5. A bishop may be placed in the retired relation regardless of age by a two-thirds vote of the jurisdictional or central conference committee on episcopacy if, after not less than a thirty-day (30) notice in writing is given to the affected bishop and hearing held, such relationship is found by said committee to be in the best interests of the bishop and/or the Church. ¶ 408.3(a).
  6. If the supervisory response results in the resolution of the matter, the bishop in charge of the supervisory response and the two episcopacy committee members appointed to the supervisory process shall monitor the fulfillment of the terms of the resolution. ¶413.3(d).
  7. If the supervisory response does not result in resolution of the matter, the president or secretary of the college of bishops may refer the matter as an administrative or judicial complaint. ¶413.3(d).

“At all times, the constitutional right of the clergy person to trial by a committee and an appeal shall be preserved, ¶¶ 20 and [58], and fair and due process shall be observed.” (JCD 920)

Ruling

The Judicial Council has jurisdiction to review the Petition for Declaratory Decision of the South Central Jurisdictional Conference only with respect to the consecration of an openly homosexual bishop. To the extent that it pertains to the process of nomination, election, and assignment, the Petition is improper.

The General Conference acted within its constitutional authority when it established universal standards for the ministry in ¶¶ 304.3, 310.2(d), 341.6, 2702.1 (a), (b), and (d).

Paragraph 304.3 prohibits the consecration as bishop of a self-avowed practicing homosexual. A same-sex marriage license issued by competent civil authorities together with the clergy person’s status in a same-sex relationship is a public declaration that the person is a self-avowed practicing homosexual for purposes of ¶¶ 304.3 and 2702.1(b).

Under the long-standing principle of legality, no individual member or entity may violate, ignore, or negate Church law. It is not lawful for the college of bishops of any jurisdictional or central conference to consecrate a self-avowed practicing homosexual bishop.

Paragraph 310.2(d) requires that all clergy persons make a complete dedication to the highest ideals of the Christian life, including but not limited to, their commitment to abide by and uphold the Church’s definition of marriage and stance on homosexuality. An openly homosexual and partnered bishop is in violation of these minimum standards.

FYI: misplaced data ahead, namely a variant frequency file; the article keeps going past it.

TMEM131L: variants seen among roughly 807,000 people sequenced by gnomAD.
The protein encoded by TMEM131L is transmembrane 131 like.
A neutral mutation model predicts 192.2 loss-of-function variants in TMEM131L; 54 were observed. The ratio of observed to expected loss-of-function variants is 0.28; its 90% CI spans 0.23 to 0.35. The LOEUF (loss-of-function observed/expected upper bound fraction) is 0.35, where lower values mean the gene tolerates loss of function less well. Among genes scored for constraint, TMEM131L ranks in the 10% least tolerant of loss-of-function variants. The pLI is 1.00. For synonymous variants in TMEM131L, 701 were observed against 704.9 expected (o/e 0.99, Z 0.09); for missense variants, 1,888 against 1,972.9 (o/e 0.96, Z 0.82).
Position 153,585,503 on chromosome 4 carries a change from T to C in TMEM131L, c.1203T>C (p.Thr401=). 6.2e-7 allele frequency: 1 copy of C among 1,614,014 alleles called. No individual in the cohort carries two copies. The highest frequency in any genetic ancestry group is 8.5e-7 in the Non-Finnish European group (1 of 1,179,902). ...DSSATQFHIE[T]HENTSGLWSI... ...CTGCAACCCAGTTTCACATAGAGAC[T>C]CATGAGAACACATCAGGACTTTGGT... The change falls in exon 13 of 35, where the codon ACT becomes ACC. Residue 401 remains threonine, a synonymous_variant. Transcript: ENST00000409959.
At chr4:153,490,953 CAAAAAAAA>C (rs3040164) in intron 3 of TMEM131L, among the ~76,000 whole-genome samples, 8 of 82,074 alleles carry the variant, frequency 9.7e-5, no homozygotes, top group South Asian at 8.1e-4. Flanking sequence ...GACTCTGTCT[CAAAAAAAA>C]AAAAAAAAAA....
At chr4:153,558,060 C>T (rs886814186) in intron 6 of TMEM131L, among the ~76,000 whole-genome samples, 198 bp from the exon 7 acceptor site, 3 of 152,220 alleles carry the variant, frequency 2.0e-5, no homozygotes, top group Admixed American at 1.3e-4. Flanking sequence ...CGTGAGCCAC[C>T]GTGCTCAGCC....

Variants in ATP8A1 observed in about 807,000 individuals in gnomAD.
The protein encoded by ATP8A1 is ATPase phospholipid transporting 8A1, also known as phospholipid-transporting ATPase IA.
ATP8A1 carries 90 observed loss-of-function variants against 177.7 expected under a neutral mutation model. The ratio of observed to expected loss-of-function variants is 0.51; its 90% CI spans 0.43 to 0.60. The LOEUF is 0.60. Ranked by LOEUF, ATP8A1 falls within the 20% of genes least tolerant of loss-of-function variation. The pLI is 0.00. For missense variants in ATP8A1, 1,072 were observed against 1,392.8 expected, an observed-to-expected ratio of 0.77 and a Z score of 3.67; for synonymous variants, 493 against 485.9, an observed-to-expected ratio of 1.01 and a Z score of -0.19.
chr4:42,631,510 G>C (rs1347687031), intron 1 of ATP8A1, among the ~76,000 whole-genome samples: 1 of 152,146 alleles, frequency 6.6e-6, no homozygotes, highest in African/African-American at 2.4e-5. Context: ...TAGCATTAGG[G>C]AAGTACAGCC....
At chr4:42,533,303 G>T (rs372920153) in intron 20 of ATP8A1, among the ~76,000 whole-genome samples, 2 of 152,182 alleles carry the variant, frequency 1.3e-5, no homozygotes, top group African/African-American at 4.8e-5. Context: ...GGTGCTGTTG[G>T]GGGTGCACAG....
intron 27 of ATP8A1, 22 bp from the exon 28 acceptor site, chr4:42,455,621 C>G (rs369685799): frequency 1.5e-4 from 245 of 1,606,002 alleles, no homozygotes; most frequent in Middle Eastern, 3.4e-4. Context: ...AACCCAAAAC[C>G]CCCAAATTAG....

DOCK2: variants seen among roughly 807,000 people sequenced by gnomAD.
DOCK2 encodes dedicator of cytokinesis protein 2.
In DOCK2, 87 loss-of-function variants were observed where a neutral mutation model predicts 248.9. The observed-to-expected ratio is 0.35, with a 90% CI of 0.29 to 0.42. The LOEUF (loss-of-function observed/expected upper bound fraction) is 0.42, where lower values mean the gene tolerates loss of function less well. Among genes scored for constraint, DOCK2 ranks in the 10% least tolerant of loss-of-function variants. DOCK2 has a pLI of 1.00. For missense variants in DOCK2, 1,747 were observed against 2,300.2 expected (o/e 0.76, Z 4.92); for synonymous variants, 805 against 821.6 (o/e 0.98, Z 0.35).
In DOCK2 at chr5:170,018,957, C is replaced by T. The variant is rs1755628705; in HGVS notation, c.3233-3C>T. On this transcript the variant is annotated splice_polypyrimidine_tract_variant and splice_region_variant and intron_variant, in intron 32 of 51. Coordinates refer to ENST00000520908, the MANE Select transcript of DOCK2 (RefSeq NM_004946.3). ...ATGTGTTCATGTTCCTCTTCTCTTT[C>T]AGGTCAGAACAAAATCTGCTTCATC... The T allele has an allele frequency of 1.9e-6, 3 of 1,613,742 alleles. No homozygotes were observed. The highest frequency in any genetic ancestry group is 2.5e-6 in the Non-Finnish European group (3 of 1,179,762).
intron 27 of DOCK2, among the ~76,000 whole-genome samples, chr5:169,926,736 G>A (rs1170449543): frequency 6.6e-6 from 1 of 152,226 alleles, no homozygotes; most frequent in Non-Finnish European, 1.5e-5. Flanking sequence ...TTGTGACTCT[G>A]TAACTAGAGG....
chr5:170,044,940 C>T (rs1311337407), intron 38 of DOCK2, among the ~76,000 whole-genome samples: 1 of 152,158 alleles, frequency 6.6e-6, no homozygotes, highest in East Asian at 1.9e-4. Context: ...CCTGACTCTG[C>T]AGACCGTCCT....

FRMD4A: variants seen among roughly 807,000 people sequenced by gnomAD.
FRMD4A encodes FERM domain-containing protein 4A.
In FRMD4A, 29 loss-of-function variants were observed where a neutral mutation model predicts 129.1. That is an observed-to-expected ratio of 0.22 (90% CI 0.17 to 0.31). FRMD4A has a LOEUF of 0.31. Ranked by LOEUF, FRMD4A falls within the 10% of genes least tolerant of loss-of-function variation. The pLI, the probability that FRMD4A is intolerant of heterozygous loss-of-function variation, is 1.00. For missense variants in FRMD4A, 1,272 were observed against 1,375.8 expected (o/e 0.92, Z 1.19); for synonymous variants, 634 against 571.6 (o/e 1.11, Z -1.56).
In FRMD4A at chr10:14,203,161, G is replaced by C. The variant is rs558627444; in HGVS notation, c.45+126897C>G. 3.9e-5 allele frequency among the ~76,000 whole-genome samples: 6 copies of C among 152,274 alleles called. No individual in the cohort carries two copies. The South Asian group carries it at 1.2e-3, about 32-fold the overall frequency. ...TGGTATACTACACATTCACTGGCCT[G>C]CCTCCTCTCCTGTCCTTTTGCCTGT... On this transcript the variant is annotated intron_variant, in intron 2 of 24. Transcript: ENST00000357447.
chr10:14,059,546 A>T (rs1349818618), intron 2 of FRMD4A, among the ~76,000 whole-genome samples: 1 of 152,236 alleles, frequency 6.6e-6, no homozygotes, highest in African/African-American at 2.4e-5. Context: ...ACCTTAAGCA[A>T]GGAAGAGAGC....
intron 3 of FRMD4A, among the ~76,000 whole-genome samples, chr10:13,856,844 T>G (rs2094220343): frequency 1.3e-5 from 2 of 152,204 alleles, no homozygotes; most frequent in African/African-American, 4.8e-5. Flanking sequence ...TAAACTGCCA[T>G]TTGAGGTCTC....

Paragraph 2702.1(a) (immorality) prohibits a person belonging to one of the six categories (bishop, clergy member of an annual conference, local pastor, clergy on honorable or administrative location, or diaconal minister) from practices that violate celibacy in singleness or fidelity in heterosexual marriage but does not apply to a bishop living in a same-sex marriage.

Paragraph 2702.1(b) (being a self-avowed practicing homosexual) incorporates the declaration in ¶ 304.3 as a chargeable offense. An openly homosexual and partnered bishop may be charged with being a self-avowed practicing homosexual. 

Paragraph 2702.1(d) (disobedience to the order and discipline of The United Methodist Church) prohibits a person belonging to one of the six categories from violating a corresponding obligation to perform certain acts required or to refrain from conduct prohibited by Church law. An openly homosexual and partnered bishop is not in compliance with ¶ 310.2(d), violates a corresponding obligation imposed by Church law, and may be charged with disobedience. Bishops and clergy persons who actively participate in the consecration of a bishop who has been found to be a self-avowed practicing homosexual in an administrative and/or judicial process, are in violation of ¶ 304.3 and may be charged with disobedience.

Self-avowal does not nullify the consecration and cause removal from episcopal office but is a sufficient declaration to subject the bishop’s ministerial office to review. The Discipline requires the following process:

  1. The jurisdictional or central conference committee on episcopacy must be informed regarding the declaration. 
  2. The jurisdictional or central conference may not ignore the report, but must initiate action to review the membership of the bishop’s office, including filing a complaint. If the jurisdictional or central conference does not initiate such action, then the president of the president or the secretary of the college of bishops of the jurisdictional or central conference must initiate such action.
  3. The supervisory response process must be initiated to review episcopal membership and office and have as its primary purpose a just resolution of any violations of this sacred trust, in the hope that God’s work of justice, reconciliation, and healing may be realized.
  4. Pending the supervisory response process, the college of bishops, in consultation with the jurisdictional or central conference committee on episcopacy, may suspend the bishop from all episcopal responsibilities for a period not to exceed sixty (60) days.